Unique interior design idea: Metal Chairs

[tweetmeme source=”@SA_Baxter” only_single=false http://www.URL.com%5D

Metal chair by Ron Arad

Metal chair design

While visiting the The Metropolitan Museum of Art, New York, we came across a brilliantly designed metal chair in the shape of an overstuffed armchair, and quickly became more of a fan of architect and designer, Ron Arad (if that’s even possible!). His designs are always playful and artistic, showcasing brilliantly innovative metal work. The sinuous forms of these overstuffed, comfy looking chairs are juxtaposed and ironic by the use of metal. Made from a single sheet of steel, Arad cut and pressed it into a bulging form of concave and convex contours that are sure show-stoppers.

Ron Arad metal rocking chair

A Metal Rocking Chair

Did you know?

[tweetmeme source=”@SA_Baxter” only_single=false http://www.URL.com%5DOn average, a large department store’s doors opens and closes 5,000 times a day? That’s 1,825,000, or the entire population of Budapest, a year? Although we may not realize it, our interactions with doors and entrance hardware occur more frequently than we may realize. In any space, doorknobs and pulls are the most touched element — yes, even more than the remote control in your home — and many times the first impression that one has of a building or home is heavily influenced by the appearance of the entrance doors. Following is a list of the average number of times a door opens and closes by building type.

Large Department Store Entrance: 5,000/day; 1,825,000/annually

Large Office Building Entrance: 4,000/day; 1,460,000/annually

School Entrance: 1,250/day; 225,000/annually

School Corridor: 100/day; 36,5000/annually

Office Building Corridor: 80/day; 29,200/annually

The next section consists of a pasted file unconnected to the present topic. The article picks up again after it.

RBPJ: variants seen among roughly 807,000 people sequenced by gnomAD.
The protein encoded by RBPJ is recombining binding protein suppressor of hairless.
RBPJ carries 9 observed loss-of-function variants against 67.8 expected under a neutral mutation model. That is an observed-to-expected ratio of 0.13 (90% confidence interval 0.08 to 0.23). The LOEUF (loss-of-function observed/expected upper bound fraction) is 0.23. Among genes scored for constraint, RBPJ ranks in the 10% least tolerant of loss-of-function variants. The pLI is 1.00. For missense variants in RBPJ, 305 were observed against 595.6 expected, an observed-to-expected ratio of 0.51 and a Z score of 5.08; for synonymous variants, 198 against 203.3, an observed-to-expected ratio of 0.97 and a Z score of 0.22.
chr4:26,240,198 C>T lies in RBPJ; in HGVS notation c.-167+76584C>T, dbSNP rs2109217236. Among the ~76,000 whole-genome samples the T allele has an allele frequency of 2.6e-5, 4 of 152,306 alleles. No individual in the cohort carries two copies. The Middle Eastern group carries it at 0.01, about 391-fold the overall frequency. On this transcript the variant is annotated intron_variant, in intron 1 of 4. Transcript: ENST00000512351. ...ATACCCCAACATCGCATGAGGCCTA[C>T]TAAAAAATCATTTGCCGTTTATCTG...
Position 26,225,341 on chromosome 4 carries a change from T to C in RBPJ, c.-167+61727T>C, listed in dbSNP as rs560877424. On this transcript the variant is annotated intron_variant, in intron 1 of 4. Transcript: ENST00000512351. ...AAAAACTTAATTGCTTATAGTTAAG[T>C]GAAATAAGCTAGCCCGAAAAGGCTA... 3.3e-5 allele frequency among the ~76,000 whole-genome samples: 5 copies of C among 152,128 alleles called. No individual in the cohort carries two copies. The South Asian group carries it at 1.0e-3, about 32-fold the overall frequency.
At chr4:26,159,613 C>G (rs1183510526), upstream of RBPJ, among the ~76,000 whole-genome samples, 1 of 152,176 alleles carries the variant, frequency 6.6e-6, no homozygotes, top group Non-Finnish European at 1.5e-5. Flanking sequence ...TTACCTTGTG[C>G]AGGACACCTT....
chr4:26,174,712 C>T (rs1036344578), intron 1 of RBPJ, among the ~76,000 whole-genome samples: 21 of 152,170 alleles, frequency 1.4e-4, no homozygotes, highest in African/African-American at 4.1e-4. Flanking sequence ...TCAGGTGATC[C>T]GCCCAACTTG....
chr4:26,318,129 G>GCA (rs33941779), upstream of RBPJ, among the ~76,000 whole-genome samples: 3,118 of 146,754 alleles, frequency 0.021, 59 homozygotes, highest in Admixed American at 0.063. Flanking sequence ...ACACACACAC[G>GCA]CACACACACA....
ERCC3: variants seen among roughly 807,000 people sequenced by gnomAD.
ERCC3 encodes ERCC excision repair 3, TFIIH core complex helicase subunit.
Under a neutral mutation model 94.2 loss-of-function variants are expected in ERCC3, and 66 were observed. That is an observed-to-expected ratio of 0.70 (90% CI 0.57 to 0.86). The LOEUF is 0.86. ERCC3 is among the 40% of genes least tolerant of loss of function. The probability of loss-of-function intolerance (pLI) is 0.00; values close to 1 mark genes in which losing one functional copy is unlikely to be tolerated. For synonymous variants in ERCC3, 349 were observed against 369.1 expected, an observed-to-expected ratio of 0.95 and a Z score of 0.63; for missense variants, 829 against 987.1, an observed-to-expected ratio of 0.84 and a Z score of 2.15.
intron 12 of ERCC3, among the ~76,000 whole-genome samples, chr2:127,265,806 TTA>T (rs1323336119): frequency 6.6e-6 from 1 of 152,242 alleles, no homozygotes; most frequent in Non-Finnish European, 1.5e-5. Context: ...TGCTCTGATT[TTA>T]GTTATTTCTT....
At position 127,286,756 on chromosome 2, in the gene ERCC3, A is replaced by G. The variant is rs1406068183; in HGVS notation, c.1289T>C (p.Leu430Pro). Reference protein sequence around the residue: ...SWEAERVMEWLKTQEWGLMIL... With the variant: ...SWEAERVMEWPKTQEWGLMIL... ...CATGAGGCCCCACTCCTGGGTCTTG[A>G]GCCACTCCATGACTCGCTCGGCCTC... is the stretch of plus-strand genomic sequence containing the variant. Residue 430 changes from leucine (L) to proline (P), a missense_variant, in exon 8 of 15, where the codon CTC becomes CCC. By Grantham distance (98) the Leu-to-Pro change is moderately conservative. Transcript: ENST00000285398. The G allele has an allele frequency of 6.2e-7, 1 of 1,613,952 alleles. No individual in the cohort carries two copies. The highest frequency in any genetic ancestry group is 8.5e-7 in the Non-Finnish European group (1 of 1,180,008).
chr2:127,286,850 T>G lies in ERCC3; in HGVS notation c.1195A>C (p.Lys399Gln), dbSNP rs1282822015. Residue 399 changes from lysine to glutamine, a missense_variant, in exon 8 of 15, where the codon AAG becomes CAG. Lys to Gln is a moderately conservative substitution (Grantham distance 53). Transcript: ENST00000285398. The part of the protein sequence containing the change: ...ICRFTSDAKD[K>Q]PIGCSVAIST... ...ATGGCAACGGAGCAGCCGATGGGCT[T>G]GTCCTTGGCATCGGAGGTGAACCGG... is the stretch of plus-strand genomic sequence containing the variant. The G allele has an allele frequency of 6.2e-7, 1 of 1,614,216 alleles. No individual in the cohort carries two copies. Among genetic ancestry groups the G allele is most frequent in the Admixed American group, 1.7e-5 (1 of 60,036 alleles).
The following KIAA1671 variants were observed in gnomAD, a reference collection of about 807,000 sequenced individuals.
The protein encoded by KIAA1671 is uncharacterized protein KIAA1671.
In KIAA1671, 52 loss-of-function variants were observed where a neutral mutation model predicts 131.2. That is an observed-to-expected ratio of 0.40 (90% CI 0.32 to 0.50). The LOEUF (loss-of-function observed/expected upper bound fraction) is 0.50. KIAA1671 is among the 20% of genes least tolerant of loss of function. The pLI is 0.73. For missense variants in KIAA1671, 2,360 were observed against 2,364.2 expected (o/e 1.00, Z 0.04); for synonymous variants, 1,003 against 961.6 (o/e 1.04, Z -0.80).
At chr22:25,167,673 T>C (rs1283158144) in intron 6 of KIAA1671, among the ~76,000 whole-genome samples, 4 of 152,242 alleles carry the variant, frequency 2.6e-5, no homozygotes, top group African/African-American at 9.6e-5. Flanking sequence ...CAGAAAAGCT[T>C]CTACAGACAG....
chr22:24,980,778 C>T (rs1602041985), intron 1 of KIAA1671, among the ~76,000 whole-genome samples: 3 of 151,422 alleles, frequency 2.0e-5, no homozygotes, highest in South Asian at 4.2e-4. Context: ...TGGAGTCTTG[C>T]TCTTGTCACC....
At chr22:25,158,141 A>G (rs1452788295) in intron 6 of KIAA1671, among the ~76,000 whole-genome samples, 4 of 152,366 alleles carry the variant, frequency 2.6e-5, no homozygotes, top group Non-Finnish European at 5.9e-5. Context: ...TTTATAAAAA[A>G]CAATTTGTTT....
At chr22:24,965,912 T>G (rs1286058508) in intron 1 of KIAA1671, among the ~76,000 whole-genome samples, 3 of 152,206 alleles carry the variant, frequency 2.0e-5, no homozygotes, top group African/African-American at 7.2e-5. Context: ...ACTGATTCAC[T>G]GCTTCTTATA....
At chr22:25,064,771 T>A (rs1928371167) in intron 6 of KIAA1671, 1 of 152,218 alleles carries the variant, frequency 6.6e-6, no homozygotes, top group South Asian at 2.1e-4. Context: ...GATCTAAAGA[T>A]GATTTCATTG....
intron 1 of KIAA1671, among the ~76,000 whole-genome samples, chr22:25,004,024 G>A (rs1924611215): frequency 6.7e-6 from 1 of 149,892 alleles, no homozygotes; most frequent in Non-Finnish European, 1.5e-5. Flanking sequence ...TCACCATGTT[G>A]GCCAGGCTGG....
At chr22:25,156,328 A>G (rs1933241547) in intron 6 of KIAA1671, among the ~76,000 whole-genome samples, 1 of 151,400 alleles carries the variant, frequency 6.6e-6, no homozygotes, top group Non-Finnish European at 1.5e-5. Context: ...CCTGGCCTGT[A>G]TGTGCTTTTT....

Residential Entrance: 30/day; 10,950/annually

Residential Interior: 20/day; 7,300/annually

Designers Dress Up for a Good Cause at the NYDC Masquerade Ball 2010

[tweetmeme source=”@SA_Baxter” only_single=false http://www.URL.com%5DThe design community showed its true talent last night at NYDC’s 5th Annual Masquerade Ball. Creative costumes, good food and a packed dance floor were just some of the highlights of the evening.  SA Baxter was proud to be a platinum sponsor of the event to benefit Alpha Workshops, the only not-for-profit organization in the country that trains and employs people living with HIV/AIDS in the decorative arts. We thought we would share just  few of the clever costume our designer friends wore.

Degas Ballerina Girl Costumes at NYDC Masquerade Ball 2010The Degas Ballerinas were lovely dancing around in their pink tutus!

Elle Decor staff dressed as kids from television show GleeThe Elle Decor staff came dressed as the kids from Glee. They were on the dance floor all night!

Handmade Lamp Shade Costumes at NYDC Masquerade Ball 2010These folks decided to bring their work with them! These hats had a lot of detail and were a hit with the crowd.

Continue reading

At Chelsea Market the architectural details dominate

[tweetmeme source=”@SA_Baxter” only_single=false http://www.URL.com%5D

Chelsea Market

Chelsea Market's Great Hall

Chelsea Market is a discrete architectural gem that’s tucked away on the corner of 15th Street and 9th Avenue in the Chelsea neighborhood of New York City. An enclosed, urban food court, Chelsea Market is best known as a true shopping experience for those with sophisticated palettes to indulge in gourmet delicacies, delectable pastries, and enough cooking ingredients to make Daniel Boulud or Paul Bocuse feel right at home. Once a factory that made Oreo cookies, Chelsea Market is now alive with the buzz of busy shoppers strolling through the postindustrial corridors that have been meticulously festooned with the architectural details and metalwork of a lost industrial culture not often seen in contemporary spaces.